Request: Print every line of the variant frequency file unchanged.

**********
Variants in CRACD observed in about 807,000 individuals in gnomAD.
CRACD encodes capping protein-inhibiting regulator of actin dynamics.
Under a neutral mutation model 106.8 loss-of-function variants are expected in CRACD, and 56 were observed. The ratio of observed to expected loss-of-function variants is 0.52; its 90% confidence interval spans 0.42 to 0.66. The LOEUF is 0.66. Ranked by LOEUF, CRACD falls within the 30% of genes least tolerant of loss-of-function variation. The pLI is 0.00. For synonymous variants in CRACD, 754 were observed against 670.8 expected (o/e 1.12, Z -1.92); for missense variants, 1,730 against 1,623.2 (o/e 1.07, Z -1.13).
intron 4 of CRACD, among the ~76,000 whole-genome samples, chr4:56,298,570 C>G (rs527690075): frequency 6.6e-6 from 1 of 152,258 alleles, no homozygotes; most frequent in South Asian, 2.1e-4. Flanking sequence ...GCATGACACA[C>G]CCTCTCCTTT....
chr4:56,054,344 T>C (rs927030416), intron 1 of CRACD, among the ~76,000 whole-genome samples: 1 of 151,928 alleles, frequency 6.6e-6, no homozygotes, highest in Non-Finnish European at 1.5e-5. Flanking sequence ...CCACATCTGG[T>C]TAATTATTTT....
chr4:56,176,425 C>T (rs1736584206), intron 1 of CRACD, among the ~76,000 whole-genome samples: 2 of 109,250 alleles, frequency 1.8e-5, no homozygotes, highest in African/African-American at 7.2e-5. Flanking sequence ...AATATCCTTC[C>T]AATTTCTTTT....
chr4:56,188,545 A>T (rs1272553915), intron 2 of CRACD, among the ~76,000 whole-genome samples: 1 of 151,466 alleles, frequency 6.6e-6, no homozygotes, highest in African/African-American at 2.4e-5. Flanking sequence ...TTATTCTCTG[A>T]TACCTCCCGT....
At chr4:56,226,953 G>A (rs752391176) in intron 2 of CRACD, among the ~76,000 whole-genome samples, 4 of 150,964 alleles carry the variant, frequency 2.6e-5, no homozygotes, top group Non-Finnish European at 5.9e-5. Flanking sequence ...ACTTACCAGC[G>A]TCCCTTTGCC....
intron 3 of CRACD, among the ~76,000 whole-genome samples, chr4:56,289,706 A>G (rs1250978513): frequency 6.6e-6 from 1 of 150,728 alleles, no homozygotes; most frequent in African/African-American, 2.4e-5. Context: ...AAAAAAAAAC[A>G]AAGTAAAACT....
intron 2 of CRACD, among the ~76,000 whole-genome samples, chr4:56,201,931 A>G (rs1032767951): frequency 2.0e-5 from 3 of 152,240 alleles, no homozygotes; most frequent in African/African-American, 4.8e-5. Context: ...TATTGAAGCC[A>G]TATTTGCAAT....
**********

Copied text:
Variants in CRACD observed in about 807,000 individuals in gnomAD.
CRACD encodes capping protein-inhibiting regulator of actin dynamics.
Under a neutral mutation model 106.8 loss-of-function variants are expected in CRACD, and 56 were observed. The ratio of observed to expected loss-of-function variants is 0.52; its 90% confidence interval spans 0.42 to 0.66. The LOEUF is 0.66. Ranked by LOEUF, CRACD falls within the 30% of genes least tolerant of loss-of-function variation. The pLI is 0.00. For synonymous variants in CRACD, 754 were observed against 670.8 expected (o/e 1.12, Z -1.92); for missense variants, 1,730 against 1,623.2 (o/e 1.07, Z -1.13).
intron 4 of CRACD, among the ~76,000 whole-genome samples, chr4:56,298,570 C>G (rs527690075): frequency 6.6e-6 from 1 of 152,258 alleles, no homozygotes; most frequent in South Asian, 2.1e-4. Flanking sequence ...GCATGACACA[C>G]CCTCTCCTTT....
chr4:56,054,344 T>C (rs927030416), intron 1 of CRACD, among the ~76,000 whole-genome samples: 1 of 151,928 alleles, frequency 6.6e-6, no homozygotes, highest in Non-Finnish European at 1.5e-5. Flanking sequence ...CCACATCTGG[T>C]TAATTATTTT....
chr4:56,176,425 C>T (rs1736584206), intron 1 of CRACD, among the ~76,000 whole-genome samples: 2 of 109,250 alleles, frequency 1.8e-5, no homozygotes, highest in African/African-American at 7.2e-5. Flanking sequence ...AATATCCTTC[C>T]AATTTCTTTT....
chr4:56,188,545 A>T (rs1272553915), intron 2 of CRACD, among the ~76,000 whole-genome samples: 1 of 151,466 alleles, frequency 6.6e-6, no homozygotes, highest in African/African-American at 2.4e-5. Flanking sequence ...TTATTCTCTG[A>T]TACCTCCCGT....
At chr4:56,226,953 G>A (rs752391176) in intron 2 of CRACD, among the ~76,000 whole-genome samples, 4 of 150,964 alleles carry the variant, frequency 2.6e-5, no homozygotes, top group Non-Finnish European at 5.9e-5. Flanking sequence ...ACTTACCAGC[G>A]TCCCTTTGCC....
intron 3 of CRACD, among the ~76,000 whole-genome samples, chr4:56,289,706 A>G (rs1250978513): frequency 6.6e-6 from 1 of 150,728 alleles, no homozygotes; most frequent in African/African-American, 2.4e-5. Context: ...AAAAAAAAAC[A>G]AAGTAAAACT....
intron 2 of CRACD, among the ~76,000 whole-genome samples, chr4:56,201,931 A>G (rs1032767951): frequency 2.0e-5 from 3 of 152,240 alleles, no homozygotes; most frequent in African/African-American, 4.8e-5. Context: ...TATTGAAGCC[A>G]TATTTGCAAT....